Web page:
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Wednesday, October 19, 2005

Piling on Horowitz and Light

David Horowitz and Joseph Light ("H&L") recently released a new law professor political slant survey.   H&L had claimed to create a data set consisting of only "full-time faculty, excluding adjuncts and clinical faculty . . . [and also excluding] graduate students with teaching responsibilities and visiting faculty."  But, as the Chicago faculty blog noted:

Uh, yeah. My strong reaction is where the heck did all these Chicago law professors come from?  The study claims to exclude clinical faculty and adjunct faculty, but still manages to find 100 full-time law professors at the University Chicago, or 67 more professors than our own web site indicates we have (show "full-time faculty")

Brian Leiter (and Larry Solum and others) have now picked up the story.  Got me to wondering (since I have now, apparently, appointed myself the nitpicker to the stars): any other miscounts in the survey?  Lets see.

H&L measure the full-time faculties of the following schools: Columbia (72); Harvard (80); NYU (97); NWU (101); Stanford (57); Berkeley (110); Chicago (100); Penn (51); S.Cal (65); Yale (75).  The parenthetical numbers are the simple sums of the totals in their data table, adding up registered democrats, republicans, others, non-partisan and not registered faculty members.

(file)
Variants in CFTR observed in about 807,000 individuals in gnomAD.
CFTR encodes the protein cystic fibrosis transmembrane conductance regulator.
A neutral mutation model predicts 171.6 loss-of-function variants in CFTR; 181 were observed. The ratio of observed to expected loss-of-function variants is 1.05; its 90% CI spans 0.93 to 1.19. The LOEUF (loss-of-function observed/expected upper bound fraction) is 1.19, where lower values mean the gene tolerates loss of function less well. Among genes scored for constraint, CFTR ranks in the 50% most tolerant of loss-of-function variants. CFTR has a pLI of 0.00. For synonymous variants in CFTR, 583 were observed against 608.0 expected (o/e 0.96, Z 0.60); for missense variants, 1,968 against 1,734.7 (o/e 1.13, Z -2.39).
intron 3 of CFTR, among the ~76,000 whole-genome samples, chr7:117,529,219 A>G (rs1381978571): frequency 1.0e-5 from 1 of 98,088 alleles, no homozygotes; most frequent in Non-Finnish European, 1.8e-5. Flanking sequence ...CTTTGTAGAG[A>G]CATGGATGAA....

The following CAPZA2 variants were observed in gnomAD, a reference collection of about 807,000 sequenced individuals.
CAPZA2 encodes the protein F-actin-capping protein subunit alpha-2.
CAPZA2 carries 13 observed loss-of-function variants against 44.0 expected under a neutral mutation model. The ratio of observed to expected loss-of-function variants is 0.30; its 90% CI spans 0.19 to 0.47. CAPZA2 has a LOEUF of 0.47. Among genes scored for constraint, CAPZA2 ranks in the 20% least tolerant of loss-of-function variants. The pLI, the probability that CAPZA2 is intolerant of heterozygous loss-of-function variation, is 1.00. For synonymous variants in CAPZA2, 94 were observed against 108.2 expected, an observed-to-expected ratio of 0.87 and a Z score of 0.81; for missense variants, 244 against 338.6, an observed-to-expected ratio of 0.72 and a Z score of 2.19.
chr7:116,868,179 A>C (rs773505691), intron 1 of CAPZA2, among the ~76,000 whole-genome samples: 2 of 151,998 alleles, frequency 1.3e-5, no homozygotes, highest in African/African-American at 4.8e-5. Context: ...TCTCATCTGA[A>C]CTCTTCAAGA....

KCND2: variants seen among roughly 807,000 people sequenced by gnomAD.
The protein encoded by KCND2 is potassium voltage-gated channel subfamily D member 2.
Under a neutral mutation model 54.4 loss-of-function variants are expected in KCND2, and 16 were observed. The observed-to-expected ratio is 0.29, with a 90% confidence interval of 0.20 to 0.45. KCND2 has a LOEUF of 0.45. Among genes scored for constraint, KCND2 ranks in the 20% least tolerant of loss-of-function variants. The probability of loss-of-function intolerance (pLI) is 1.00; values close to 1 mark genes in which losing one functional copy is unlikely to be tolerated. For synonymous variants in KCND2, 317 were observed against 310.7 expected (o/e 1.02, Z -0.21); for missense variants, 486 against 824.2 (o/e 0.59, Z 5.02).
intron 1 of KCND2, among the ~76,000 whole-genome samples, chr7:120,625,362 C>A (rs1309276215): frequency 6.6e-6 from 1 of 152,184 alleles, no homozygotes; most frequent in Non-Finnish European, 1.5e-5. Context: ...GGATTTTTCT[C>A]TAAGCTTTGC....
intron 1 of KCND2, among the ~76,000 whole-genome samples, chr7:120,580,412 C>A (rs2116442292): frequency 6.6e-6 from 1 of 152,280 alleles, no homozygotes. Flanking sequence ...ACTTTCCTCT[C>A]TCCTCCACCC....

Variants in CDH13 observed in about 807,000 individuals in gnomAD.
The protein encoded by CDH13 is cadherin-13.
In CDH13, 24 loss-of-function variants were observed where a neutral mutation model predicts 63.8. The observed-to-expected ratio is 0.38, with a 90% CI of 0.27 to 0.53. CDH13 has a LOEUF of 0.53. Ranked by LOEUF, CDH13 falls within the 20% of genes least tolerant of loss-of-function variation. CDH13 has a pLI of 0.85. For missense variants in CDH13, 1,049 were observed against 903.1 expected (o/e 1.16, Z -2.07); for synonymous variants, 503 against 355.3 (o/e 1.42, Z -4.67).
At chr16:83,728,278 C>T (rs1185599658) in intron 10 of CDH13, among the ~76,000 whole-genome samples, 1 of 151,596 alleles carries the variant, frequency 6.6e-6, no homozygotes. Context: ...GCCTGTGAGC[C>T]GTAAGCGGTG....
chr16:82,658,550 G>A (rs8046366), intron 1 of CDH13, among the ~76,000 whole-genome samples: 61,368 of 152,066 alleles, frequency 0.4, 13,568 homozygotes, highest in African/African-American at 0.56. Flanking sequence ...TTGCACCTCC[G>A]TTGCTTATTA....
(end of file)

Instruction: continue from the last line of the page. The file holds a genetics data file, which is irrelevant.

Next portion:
So we know Chicago is off.  (By a large margin.)

But these other numbers don't look quite right either.  Berkeley has 110 professors? Not according to this page, which lists 86 full-time non-visiting, non-administrator, members of the faculty.  (Yes, I counted acting professors, because I know that they are Berkeley's assistant professors, and yes I counted emeritus professors, and yes I counted clinicians  the school labeled as professors).   Penn has 51?  I only count 46.  Southern Cal?  58, not 65.  And Yale also has mysteriously added some faculty members, because I can only find 67 here.  On the other hand, Stanford (the only other faculty page I checked) was right on target.

What is going on with H&L's data?  Is it possible that we have all been misreading the chart?  Or the "researchers" who H&L say did the collection somehow erred?  Is this a case of garbage in, garbage out?

Posted by Dave Hoffman on October 19, 2005 at 10:24 PM | Permalink


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Hurray! I'm an "other"!

It's a start, I guess. Next stop: two nameless references!

I'm just kidding. It's an honor to be grouped in--even namelessly, with folks such as Leiter and Solum.

Posted by: David Schraub | Oct 20, 2005 1:49:54 AM

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